During these experiments, Yoder learned that cells with high levels of two proteins called XPB and XPD had lower levels of HIV provirus in their chromosomes. Both proteins help the cell repair damaged DNA.

Yoder, Fishel and their collaborators then introduced mutations into the genes for the two proteins, which crippled the proteins' ability to repair DNA. When cells with these mutations were then infected with HIV, they showed higher levels of provirus in their chromosomes.

“When we weakened a DNA repair pathway, we got more integration of the provirus,” Yoder says. “This was a total surprise.”

Next, the researchers wanted to learn whether the normal cells used in the study had lower proviral levels because they were making less HIV cDNA or because the HIV cDNA was being destroyed before it integrated.

To answer that question, the researchers used antiretroviral drugs known as non-nucleoside reverse transcriptase inhibitors (NNRTIs). These drugs prevent HIV from making the cDNA copy of its RNA genetic material. The researchers exposed newly infected cells to the drugs and then measured changes in the amount of cDNA over time.

These experiments showed that the cDNA was destroyed faster in cells with normal XPB and XPD compared to cells with mutant XPB or XPD. Cells with normal XPB protein lost half their proviral DNA after 4.6 hours, while cells with low levels of the protein lost half after about 7.7 hours. Similarly, cells with normal XPD protein lost half the proviral DNA after 3.5 hours, while cells with mutated protein lost half after five hours.

These experiments also showed that the two proteins destroyed the HIV cDNA before it is integrated into the chromosome.

“Overall, our results indicate that these two DNA repair proteins participate in the destruction of HIV cDNA in cells,” Fishel says. “This process reduces the pool of HIV cDNA that can integrate into host chromosomes, thereby protecting cells from infection.”

The researchers are now working to learn how the proteins destroy the HIV cDNA. These studies could lead to drugs that might help the proteins destroy more HIV cDNA and in shorter time.

Source: Ohio State University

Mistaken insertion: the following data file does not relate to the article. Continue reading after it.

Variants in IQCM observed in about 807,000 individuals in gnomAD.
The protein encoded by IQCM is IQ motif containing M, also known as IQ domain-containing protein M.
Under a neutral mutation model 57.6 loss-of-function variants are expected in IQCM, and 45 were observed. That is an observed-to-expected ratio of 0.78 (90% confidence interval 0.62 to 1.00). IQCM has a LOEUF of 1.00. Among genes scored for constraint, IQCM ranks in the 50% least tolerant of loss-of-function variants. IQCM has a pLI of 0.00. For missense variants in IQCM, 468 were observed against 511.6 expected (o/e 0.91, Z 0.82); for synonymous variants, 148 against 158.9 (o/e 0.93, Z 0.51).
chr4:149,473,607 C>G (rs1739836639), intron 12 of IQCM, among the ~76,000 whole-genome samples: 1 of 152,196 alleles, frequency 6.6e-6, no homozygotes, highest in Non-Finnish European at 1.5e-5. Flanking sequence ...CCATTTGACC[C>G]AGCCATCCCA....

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Liaison nominated

Posted by tumicrobiology on March 24, 2006

Dear all,
TU Microbiology Discussion Forum (TUMDF) nominates Mr. Keshav P Koirala as its liaison.

We will announce nomination of volunteers in the recent future. For that, we are looking forward towards your approach.

If you have any comment on our nomination, please feel free to make that public by posting here.

Gaffer, TUMDF

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UW-Madison Engineers Squeeze Secrets From Proteins

Posted by tumicrobiology on March 24, 2006

Proteins, one of the basic components of living things, are among the most studied molecules in biochemistry. Understanding how proteins form or “fold” from sequenced strings of amino acids has long been one of the grand challenges of biology.



Depictions of proteins used in the study showing the different secondary and tertiary structures investigated: (a) the all-beta, C-terminal domain of protein G (16 residues of 2GB1), (b) an all-alpha fragment of protein A (1BDD), (c) the alpha/beta protein G (2GB1), and (d) the mainly-beta, SH3 domain of the SRC protein kinase (1SRL). (Image courtesy of University of Wisconsin-Madison, College of Engineering) 


A common belief holds that the more proteins are confined by their environment, the more stable – or less likely to unfold – they become. Now, as reported on the cover of the March issue of Biophysical Journal, a team of chemical and biological engineers from UW-Madison shows that premise to be untrue. While confinement plays an important role, other factors are also at play.

“Most research in this area looked at proteins in free solution when in fact, most proteins are confined in some way,” says Juan de Pablo, a chemical and biological engineer at the University of Wisconsin-Madison. “What we demonstrate for the first time is that the stability of proteins under severe confinement, which is really the relevant way of looking at them for numerous applications, depends on their shape, their size and their interactions with the environment. It is a delicate balance between the energy available to fold the protein and entropy, or it’s desire to be in the unfolded state.”

De Pablo’s research team developed a method to precisely calculate the entropy and determine how much of a protein’s stability change upon confinement to attribute to energy and how much to entropy. “This is the important part of the calculation,” de Pablo adds.

Protein stability is an incredibly important property in myriad applications, de Pablo says. Consider laundry detergent. A popular ad for detergent once claimed that “protein gets out protein.” The idea behind this is that engineered enzymes are at work in the wash breaking down elements of a stain.